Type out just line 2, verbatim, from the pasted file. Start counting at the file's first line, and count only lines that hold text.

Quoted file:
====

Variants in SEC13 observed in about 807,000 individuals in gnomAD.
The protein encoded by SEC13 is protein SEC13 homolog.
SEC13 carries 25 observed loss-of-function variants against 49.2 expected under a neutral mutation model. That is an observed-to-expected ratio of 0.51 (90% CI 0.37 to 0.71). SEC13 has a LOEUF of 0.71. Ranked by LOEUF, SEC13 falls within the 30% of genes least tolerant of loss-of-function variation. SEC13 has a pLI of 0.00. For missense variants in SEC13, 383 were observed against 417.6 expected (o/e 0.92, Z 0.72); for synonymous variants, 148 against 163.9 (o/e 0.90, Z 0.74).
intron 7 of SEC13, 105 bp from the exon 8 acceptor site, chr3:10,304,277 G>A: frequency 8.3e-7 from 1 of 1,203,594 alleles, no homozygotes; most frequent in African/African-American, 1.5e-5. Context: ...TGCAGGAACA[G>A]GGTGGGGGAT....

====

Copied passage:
The protein encoded by SEC13 is protein SEC13 homolog.